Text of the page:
Methods

The charts of 16 lesions with 13 endobronchial carcinoma patients treated with ILBT in 2000 to 2008 were retrospectively reviewed. The extent of tumor involvement was assessed by bronchoscopy, chest X-ray, chest computed tomography (CT) using contrast medium. Distant metastasis was detected by brain CT or magnetic resonance imaging, chest and abdomen CT and bone scintigraphy. Roentgenographically occult early endbronchial cancer (ROEC) was defined by Japanese lung cancer society [14]. Namely, ROEC is defined as follows; The tumor can not be detected with X-ray and CT scans, located in sub segmental or more proximal bronchi, size is less than 2 cm, peripheral margin is visible bronchoscopically, and is identified as squamous cell carcinoma histologically.

Radiation technique and radiation dose

Radiotherapy consisted of a combination of external beam radiotherapy and intraluminal brachytherapy in principle.

Intraluminal brachytherapy (ILBT)

The pretreatment of ILBT was performed according to the standard procedures for bronchoscopic examination. The applicator catheter was inserted by the oral insertion method as following. The catheter was guided to the target bronchus under bronchoscopy. The catheter has two wings at the tip of the external tube (Create Medic Co. Ltd., Japan). We used 20 mm catheters for trachea, and 15 mm catheters for bronchus. After the tumor was confirmed to lie between the two wings, the wings open and act as spacers to keep the source placing at the center of the bronchus, thus the catheter was fixed [11]. The radiation source tube was inserted to replace the inner tube, and ILBT was conducted using the high dose rate 192Ir thin wire remote after loading system (Microselectron, Nucletron, The Netherlands). The dose distribution was calculated with orthogonal X-ray films. The irradiation dose was measured by taking the bronchial mucosal surface as the reference point, and a dose of 5 Gy per fraction was delivered at the point, two fractions per week. The distances between the radiation source and the mucosal surface were provisionally standardized of 10 mm for the trachea, 7 mm for the main bronchi, 5 mm for the lobar and segmental bronchi and 3 mm for sub-segmental bronchi from the center of the source. We confirmed the catheter positions carefully before and after each treatment to check eccentricity of the catheter by fluoroscopy.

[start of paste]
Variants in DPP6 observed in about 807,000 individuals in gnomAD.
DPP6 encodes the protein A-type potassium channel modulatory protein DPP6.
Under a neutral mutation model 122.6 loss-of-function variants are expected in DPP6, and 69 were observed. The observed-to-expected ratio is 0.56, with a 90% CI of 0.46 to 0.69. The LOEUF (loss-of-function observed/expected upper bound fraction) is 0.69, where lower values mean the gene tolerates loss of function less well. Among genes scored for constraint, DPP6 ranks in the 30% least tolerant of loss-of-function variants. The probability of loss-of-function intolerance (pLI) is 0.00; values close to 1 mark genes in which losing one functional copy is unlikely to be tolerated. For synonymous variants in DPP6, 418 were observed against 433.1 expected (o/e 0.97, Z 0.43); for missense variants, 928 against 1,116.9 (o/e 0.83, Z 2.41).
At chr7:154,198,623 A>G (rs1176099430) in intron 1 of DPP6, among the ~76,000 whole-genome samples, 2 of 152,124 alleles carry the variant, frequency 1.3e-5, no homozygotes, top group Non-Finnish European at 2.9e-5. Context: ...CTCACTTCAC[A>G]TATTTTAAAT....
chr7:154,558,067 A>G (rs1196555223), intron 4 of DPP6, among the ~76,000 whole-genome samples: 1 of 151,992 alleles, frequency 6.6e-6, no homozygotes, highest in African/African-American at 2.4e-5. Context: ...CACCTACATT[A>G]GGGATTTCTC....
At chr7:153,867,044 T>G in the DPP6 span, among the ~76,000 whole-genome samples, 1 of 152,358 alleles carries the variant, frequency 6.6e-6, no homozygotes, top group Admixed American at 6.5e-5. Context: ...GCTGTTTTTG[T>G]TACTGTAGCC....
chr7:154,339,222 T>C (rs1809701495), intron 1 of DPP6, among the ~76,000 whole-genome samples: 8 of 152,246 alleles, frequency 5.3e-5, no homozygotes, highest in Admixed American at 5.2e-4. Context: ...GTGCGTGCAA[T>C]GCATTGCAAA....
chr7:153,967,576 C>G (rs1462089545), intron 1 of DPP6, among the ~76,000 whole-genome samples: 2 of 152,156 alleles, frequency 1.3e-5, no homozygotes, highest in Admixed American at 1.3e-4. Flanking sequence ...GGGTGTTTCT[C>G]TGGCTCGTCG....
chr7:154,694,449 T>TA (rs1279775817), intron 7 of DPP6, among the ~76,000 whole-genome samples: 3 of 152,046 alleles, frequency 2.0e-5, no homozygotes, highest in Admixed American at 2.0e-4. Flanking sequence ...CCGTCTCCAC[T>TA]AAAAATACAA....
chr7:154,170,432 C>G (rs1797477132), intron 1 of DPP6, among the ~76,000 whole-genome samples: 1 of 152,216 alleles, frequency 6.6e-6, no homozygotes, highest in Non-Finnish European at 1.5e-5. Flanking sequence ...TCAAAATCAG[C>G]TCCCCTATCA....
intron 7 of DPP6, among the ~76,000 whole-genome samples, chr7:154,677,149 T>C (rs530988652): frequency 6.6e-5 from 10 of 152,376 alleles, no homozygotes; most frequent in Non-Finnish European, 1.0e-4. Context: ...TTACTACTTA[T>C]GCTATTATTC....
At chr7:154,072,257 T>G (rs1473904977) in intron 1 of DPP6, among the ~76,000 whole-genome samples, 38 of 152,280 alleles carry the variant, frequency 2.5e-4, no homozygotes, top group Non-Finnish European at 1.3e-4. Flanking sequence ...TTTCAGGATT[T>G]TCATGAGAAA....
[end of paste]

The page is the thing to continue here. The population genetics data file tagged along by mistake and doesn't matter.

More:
External body radiation therapy (EBRT)

EBRT was performed in 10 lesions. The radiation fields were encompassed the primary lesion and regional lymph nodes area and the lesions were irradiated by anterior and posterior parallel-opposed fields. Either 6- or 10-MV X-rays were used at a dose of 2 Gy per fraction, 5 times per week.

CT based dosimetric evaluation

CT based dosimetry was performed in the latest 1 patient. CT was scanned using the same couch of fluoroscopy in the treatment room and the data were imported into a brachytherapy planning system (PLATO v13.3, Nucletron, The Netherlands). The dose distribution and dose volume histogram were calculated.

Follow up and statistics